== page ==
Bronchiectasis is a chronic disease and aetiologically heterogeneous, which is characterized by a vicious circle of impaired mucociliary clearance, bronchial infection and inflammation, resulting in a structurally abnormal and permanently widened airways1. Pathologically, it is the depiction of lung damage, such as inflamed thick bronchial wall and dilated bronchi. Such damage can have different causes that can be either inherited or acquired, both of which result in inflammation and infection. Following the introduction of antibiotic therapy and immunization programs in the developed countries, post-infectious damage (as a result of a virus, or bacteria, similar to tuberculosis and non-tuberculous mycobacterial infection) is no longer the common culprit of bronchiectasis. It is still, cystic fibrosis remains the most common cause of inherited bronchiectasis in white Caucasians. Regardless of the primary cause, bacterial species are found to colonize the respiratory tracts o f patients with bronchiectasis2.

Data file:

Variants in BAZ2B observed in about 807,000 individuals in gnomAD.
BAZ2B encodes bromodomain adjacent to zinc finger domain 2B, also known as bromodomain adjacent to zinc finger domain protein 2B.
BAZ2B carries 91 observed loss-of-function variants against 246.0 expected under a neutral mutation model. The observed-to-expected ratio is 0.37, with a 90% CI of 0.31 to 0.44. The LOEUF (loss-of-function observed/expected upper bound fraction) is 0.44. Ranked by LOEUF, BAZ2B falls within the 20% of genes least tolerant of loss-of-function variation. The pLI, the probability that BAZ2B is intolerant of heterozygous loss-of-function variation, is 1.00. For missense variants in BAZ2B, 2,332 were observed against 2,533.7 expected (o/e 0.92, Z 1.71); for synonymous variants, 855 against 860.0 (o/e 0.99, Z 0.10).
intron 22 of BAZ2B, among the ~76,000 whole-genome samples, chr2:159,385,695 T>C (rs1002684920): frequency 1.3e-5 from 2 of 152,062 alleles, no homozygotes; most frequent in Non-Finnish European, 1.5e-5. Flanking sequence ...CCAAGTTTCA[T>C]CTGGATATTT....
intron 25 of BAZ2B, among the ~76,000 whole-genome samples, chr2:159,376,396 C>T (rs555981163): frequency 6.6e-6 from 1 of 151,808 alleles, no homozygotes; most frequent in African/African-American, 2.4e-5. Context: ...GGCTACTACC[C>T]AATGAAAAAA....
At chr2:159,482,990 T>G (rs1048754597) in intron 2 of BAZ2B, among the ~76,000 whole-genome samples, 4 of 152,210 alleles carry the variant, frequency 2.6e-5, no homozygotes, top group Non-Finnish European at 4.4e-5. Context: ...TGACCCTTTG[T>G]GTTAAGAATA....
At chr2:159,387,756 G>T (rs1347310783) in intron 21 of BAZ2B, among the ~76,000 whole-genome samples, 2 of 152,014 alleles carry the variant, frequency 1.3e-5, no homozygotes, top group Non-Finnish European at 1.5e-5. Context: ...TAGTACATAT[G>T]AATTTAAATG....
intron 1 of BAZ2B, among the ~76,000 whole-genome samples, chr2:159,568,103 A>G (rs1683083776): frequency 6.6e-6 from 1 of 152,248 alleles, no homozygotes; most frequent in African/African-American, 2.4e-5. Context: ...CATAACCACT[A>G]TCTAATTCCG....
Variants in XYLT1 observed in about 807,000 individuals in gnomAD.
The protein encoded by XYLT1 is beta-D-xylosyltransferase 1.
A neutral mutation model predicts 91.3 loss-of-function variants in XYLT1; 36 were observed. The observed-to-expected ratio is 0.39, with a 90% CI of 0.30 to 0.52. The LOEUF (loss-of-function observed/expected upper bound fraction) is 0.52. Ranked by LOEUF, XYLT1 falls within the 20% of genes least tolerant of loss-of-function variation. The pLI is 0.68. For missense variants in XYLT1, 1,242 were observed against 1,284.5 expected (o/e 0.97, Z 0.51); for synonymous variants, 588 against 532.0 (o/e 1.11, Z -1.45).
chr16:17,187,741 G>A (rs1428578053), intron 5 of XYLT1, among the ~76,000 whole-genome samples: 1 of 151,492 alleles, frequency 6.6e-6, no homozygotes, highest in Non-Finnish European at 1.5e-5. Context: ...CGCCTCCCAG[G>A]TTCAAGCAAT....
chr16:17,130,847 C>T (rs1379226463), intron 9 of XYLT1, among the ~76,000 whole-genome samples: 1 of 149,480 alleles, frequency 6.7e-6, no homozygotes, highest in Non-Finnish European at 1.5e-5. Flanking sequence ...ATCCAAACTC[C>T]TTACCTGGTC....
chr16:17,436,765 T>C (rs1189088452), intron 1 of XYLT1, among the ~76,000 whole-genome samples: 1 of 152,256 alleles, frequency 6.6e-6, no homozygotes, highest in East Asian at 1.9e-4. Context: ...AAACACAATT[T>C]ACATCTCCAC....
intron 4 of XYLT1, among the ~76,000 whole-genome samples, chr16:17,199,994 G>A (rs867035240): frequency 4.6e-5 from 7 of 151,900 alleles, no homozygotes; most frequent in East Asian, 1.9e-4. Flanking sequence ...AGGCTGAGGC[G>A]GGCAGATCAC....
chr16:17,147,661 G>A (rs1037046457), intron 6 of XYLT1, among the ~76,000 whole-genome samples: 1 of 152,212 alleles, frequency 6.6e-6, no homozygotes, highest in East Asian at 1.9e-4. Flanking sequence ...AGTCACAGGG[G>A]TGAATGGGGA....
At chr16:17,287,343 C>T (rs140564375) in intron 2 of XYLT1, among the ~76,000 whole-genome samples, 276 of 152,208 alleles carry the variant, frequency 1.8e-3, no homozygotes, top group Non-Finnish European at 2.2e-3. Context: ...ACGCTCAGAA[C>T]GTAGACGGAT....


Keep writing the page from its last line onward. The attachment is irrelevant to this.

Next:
A prevalence rate of 0.7% was reported in a study, consisting of 27,258 individuals diagnosed with bronchiectasis. The overall incidence rate was 18 cases/100,000 person s in 2004, and 32 cases/100,000 persons in the UK in the year 2011. The trend of the prevalence was higher in older age group (greater than 60 years of age) and was shown to be higher among women than men 3. Bronchiectasis has been associated with deficiencies in immunoglobulin, complement proteins and chronic granulomatous diseases. IgG, IgM and IgA deficiency has been reported to increase patient risk of recurrent pulmonary infections, that eventually resulted in bronchiectasis 4. α1 Antitrypsin (AAT) absence, or its deficiency was strongly correlated with air way infection in bronchiectasis5.